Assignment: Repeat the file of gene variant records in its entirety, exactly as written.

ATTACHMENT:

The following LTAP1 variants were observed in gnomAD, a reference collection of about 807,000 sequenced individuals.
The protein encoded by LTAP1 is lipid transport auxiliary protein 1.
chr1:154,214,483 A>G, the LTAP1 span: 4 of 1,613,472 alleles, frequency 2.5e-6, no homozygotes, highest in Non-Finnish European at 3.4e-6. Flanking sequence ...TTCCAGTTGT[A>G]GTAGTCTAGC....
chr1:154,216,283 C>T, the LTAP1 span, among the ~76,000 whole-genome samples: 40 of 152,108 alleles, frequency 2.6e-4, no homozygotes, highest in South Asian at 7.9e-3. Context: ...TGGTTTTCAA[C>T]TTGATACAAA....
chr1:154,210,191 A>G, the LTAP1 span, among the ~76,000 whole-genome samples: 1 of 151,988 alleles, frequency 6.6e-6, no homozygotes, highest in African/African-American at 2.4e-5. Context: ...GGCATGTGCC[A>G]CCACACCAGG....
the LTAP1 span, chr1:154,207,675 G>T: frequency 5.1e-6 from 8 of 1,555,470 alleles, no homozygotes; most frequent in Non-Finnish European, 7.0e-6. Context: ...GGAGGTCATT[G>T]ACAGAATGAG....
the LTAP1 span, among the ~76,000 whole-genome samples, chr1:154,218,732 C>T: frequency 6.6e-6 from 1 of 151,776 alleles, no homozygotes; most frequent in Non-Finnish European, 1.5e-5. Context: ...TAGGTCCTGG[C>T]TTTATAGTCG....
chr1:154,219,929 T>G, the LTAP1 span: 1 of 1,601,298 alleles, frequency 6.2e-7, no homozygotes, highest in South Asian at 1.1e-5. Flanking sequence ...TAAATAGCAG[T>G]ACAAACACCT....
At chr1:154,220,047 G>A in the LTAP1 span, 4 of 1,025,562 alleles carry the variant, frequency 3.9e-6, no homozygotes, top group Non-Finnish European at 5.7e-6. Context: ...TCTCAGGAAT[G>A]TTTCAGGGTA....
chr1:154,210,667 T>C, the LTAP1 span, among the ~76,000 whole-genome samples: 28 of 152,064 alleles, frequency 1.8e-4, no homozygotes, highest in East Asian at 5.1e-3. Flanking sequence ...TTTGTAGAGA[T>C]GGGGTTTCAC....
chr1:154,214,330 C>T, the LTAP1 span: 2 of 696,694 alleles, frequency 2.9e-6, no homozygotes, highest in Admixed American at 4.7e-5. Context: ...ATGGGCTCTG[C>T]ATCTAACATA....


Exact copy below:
The following LTAP1 variants were observed in gnomAD, a reference collection of about 807,000 sequenced individuals.
The protein encoded by LTAP1 is lipid transport auxiliary protein 1.
chr1:154,214,483 A>G, the LTAP1 span: 4 of 1,613,472 alleles, frequency 2.5e-6, no homozygotes, highest in Non-Finnish European at 3.4e-6. Flanking sequence ...TTCCAGTTGT[A>G]GTAGTCTAGC....
chr1:154,216,283 C>T, the LTAP1 span, among the ~76,000 whole-genome samples: 40 of 152,108 alleles, frequency 2.6e-4, no homozygotes, highest in South Asian at 7.9e-3. Context: ...TGGTTTTCAA[C>T]TTGATACAAA....
chr1:154,210,191 A>G, the LTAP1 span, among the ~76,000 whole-genome samples: 1 of 151,988 alleles, frequency 6.6e-6, no homozygotes, highest in African/African-American at 2.4e-5. Context: ...GGCATGTGCC[A>G]CCACACCAGG....
the LTAP1 span, chr1:154,207,675 G>T: frequency 5.1e-6 from 8 of 1,555,470 alleles, no homozygotes; most frequent in Non-Finnish European, 7.0e-6. Context: ...GGAGGTCATT[G>T]ACAGAATGAG....
the LTAP1 span, among the ~76,000 whole-genome samples, chr1:154,218,732 C>T: frequency 6.6e-6 from 1 of 151,776 alleles, no homozygotes; most frequent in Non-Finnish European, 1.5e-5. Context: ...TAGGTCCTGG[C>T]TTTATAGTCG....
chr1:154,219,929 T>G, the LTAP1 span: 1 of 1,601,298 alleles, frequency 6.2e-7, no homozygotes, highest in South Asian at 1.1e-5. Flanking sequence ...TAAATAGCAG[T>G]ACAAACACCT....
At chr1:154,220,047 G>A in the LTAP1 span, 4 of 1,025,562 alleles carry the variant, frequency 3.9e-6, no homozygotes, top group Non-Finnish European at 5.7e-6. Context: ...TCTCAGGAAT[G>A]TTTCAGGGTA....
chr1:154,210,667 T>C, the LTAP1 span, among the ~76,000 whole-genome samples: 28 of 152,064 alleles, frequency 1.8e-4, no homozygotes, highest in East Asian at 5.1e-3. Flanking sequence ...TTTGTAGAGA[T>C]GGGGTTTCAC....
chr1:154,214,330 C>T, the LTAP1 span: 2 of 696,694 alleles, frequency 2.9e-6, no homozygotes, highest in Admixed American at 4.7e-5. Context: ...ATGGGCTCTG[C>T]ATCTAACATA....